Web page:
That the challenges will continue is suggested by significant trends that will affect us not just locally and nationally, but on a global scale. These trends, both in product design and regulatory process, often arise beyond the territorial boundaries of the United States since the design parameters for future products and transportation systems are being created for global markets. Motorcycling — both the product and the activity — will change radically over the next decade. We will see threats and opportunities like we’ve not seen in the past, and we need to be ready. These changes will be driven by two important concepts. The first concept is technical and is called ITS, or Intelligent Transportation Systems. The second is economic and political and is called Global Harmonization.
ITS is the development of electronic technology to reduce congestion, improve mobility, and increase safety. Its purpose is to enhance, reduce, or even eliminate whenever possible the human factor in decision making by vehicle operators. Vehicle manufacturers are already marketing automated collision warning systems and global satellite positioning.
Connected closely to ITS is AHS, the Automated Highway System. Relax, read a book, watch TV, surf the net. What the heck! Maybe even have sex. But sit back and let the highway do the driving. This is not a scenario out of science fiction. It was tested in August, 1997, on a section of I-15 north of San Diego. And the same week that the Automated Highway System was demonstrated in San Diego, the U.S. Department of Transportation held a forum to launch the Intelligent Vehicle Initiative, or IVI. The highest priority of the IVI program is to improve highway safety. This is to be accomplished by facilitating and accelerating availability of in-vehicle systems that would provide driving assistance, control intervention, and motorist information. In contrast to the Automated Highway System which may not see actual development for fifteen to twenty years, the goal of IVI is to have many of these in-vehicle technologies in the traffic mix within five years.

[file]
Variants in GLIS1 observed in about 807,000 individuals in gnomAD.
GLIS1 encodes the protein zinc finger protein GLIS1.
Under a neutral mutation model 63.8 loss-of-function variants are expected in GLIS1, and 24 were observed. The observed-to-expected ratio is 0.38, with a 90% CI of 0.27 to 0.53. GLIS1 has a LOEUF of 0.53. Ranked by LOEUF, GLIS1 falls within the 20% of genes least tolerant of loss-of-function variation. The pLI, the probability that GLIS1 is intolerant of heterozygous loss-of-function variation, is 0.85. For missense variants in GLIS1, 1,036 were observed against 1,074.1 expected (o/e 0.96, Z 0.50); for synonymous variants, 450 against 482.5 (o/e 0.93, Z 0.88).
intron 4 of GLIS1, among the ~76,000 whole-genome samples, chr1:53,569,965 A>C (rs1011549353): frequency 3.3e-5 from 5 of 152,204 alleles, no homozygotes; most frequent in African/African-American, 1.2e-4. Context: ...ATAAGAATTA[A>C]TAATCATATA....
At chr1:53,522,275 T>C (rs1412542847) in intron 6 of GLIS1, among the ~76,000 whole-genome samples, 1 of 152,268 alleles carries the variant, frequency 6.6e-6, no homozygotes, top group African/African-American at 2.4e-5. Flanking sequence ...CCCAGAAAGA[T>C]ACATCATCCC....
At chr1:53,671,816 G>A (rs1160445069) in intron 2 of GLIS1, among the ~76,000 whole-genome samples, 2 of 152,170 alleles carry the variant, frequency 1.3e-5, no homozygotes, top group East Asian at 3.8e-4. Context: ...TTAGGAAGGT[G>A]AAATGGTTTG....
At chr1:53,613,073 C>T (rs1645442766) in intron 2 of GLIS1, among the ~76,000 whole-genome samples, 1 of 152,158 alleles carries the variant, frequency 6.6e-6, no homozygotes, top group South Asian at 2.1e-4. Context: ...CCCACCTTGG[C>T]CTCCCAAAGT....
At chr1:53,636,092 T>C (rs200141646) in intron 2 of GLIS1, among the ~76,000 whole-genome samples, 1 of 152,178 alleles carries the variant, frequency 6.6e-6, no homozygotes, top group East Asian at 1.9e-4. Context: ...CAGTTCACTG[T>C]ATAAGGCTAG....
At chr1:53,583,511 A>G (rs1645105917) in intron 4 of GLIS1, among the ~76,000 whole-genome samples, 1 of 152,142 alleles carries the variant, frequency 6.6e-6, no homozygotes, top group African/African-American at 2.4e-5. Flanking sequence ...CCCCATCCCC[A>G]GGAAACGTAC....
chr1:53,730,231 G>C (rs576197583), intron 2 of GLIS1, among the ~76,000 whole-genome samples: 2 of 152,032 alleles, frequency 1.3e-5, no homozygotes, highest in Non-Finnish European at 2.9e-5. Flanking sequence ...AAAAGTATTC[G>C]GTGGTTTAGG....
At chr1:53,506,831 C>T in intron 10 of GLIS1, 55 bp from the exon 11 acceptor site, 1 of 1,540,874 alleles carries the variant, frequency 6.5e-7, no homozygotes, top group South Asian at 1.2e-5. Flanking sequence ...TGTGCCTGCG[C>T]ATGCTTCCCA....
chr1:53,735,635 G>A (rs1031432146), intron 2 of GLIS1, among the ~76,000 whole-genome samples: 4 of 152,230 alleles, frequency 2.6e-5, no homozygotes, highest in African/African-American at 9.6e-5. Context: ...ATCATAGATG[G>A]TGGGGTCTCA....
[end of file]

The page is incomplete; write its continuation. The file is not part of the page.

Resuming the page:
This whole concept of transportation and safety is contrary to the reason we ride motorcycles. We derive our joy from a relationship with the vehicle, by making decisions and managing risk based on the sensory input we receive from motorcycles and the highway. It is no coincidence that the research organizations and government agencies responsible for these developments are paying little or no attention to motorcycles in the future traffic mix. It is clear that some visionaries just don’t see a place for motorcycling in our future.
This is a trend that we can’t simply oppose or refuse to deal with. Saying “hell no, we won’t go!” is not a viable option. Think about how quickly electronic technology has revolutionized the home and the workplace over the last decade, most of which we probably consider a good thing. We are going to see the same rapid advancements in electronic technology in vehicle design and transportation over the next decade. As motorcyclists we are going to have to find ways to fit in, rather than be swept away. There will be good changes in the process, and we need to look for them. But we can be certain that motorcycling as we know it is going to change. I would suggest that our mission is not to protect and perpetuate the vehicle as we know it today. That will be a rear-guard, losing battle. Rather, our mission should be to find ways to keep the joy in motorcycling as these inevitable changes take place.